Since so much is going on and many of you listening are looking for some financial relief during this pandemic, I thought I would do another special episode with my pal Erin Lowry who is a money expert in the U.S. and the author of Broke Millennial and Broke Millennial Takes on Investing.
Erin has been hard at work compiling a number of resources in a massive Google spreadsheet (link below) to help you during these uncertain times, and she joins me in this episode to share what you need to know about applying for unemployment insurance and getting your stimulus check if you're living the U.S.
Department of Labor website:
Career One Stop website:
Broke Millennial's Coronavirus/Recession Relief Hub
Support Erin & Buy Her Books
I can’t believe it’s been over 2 years since I’ve had Chris Guillebeau on the show to promote his book Side Hustle, and of course to share his expertise about side hustles. Well, he’s back with a brand-new book, and this time his first work of fiction, called The Money Tree.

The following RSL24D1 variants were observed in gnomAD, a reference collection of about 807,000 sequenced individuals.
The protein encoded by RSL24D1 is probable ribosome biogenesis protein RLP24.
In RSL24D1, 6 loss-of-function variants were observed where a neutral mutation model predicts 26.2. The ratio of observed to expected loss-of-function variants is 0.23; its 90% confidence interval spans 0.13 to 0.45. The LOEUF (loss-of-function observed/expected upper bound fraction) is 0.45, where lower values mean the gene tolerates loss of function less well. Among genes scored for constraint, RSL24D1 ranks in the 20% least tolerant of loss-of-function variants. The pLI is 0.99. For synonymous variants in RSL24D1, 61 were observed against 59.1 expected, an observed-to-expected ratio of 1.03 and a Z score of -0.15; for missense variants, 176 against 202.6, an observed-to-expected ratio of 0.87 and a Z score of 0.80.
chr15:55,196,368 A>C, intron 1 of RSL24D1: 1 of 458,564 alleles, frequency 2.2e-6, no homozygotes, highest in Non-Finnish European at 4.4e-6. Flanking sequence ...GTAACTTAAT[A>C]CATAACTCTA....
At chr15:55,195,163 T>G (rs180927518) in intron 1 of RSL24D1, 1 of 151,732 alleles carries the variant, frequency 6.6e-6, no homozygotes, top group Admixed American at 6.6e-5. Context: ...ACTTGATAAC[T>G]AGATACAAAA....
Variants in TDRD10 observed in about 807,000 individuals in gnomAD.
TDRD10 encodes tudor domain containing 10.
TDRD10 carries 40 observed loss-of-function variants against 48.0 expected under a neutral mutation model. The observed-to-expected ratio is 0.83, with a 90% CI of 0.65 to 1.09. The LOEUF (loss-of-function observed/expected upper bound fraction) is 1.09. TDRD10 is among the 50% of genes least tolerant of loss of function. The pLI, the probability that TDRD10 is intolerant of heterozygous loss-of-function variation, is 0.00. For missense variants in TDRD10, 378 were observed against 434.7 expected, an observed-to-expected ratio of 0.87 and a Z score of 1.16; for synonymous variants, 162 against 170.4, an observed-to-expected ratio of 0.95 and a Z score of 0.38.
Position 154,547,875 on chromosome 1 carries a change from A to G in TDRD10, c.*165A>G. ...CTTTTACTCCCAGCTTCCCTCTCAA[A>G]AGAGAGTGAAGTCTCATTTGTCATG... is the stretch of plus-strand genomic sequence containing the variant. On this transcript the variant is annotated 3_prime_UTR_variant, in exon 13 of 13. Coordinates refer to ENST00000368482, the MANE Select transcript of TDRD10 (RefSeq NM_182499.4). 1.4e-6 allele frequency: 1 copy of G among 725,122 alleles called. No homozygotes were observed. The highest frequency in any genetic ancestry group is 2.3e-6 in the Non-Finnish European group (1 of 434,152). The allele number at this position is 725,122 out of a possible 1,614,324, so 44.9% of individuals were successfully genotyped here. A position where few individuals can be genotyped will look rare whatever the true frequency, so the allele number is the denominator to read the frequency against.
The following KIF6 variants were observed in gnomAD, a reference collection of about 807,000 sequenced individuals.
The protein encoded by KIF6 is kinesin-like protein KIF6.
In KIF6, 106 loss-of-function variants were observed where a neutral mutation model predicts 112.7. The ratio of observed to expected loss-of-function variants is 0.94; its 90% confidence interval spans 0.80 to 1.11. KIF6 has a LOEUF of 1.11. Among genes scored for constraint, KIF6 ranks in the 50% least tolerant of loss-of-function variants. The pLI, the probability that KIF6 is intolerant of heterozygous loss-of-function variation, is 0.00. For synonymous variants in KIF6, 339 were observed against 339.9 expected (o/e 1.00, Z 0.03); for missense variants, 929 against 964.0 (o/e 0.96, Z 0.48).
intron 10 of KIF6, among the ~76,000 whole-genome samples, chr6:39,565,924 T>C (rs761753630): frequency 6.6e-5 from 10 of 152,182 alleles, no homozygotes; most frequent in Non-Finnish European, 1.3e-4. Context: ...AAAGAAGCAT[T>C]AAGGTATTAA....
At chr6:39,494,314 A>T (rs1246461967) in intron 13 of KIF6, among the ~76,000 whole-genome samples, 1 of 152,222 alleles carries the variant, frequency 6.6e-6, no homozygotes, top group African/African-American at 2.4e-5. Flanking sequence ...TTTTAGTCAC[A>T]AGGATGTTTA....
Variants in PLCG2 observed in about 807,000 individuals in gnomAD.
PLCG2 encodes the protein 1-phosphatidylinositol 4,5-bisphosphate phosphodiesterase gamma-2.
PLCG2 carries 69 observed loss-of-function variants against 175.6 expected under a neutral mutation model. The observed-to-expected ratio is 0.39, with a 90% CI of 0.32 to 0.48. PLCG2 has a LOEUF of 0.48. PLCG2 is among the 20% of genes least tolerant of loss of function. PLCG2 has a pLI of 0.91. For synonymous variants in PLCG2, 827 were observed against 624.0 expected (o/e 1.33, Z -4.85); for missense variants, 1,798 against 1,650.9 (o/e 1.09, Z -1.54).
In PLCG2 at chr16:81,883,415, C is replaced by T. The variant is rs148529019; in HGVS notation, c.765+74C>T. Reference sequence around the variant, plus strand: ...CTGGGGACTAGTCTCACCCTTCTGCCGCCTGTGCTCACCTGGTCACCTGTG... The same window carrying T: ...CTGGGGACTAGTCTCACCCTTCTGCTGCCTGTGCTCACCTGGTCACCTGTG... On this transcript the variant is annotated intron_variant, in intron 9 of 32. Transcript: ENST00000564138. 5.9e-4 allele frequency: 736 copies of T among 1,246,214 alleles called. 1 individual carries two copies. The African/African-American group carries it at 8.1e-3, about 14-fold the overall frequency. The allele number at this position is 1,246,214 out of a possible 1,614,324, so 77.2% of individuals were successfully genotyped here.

This book is actually pretty timely, since it focuses on characters dealing with some tough times financially, so you’ll definitely be able to relate to the story. But since it’s still a book about money, it also offers some solutions and helpful advice on how to overcome these obstacles, how to think differently about your money and earning potential, and how to not let the outside world determine the course of your future.
I personally found his book super inspiring, so I hope you enjoy this podcast episode and of course pick up a copy of Chris’ new book!
For full episode show notes visit https://jessicamoorhouse.com/236
It's totally normal to feel anxious about everything going on right now. Just like you, I've been battling with my anxiety for the past several weeks, but I've started to do a few things to manage it better.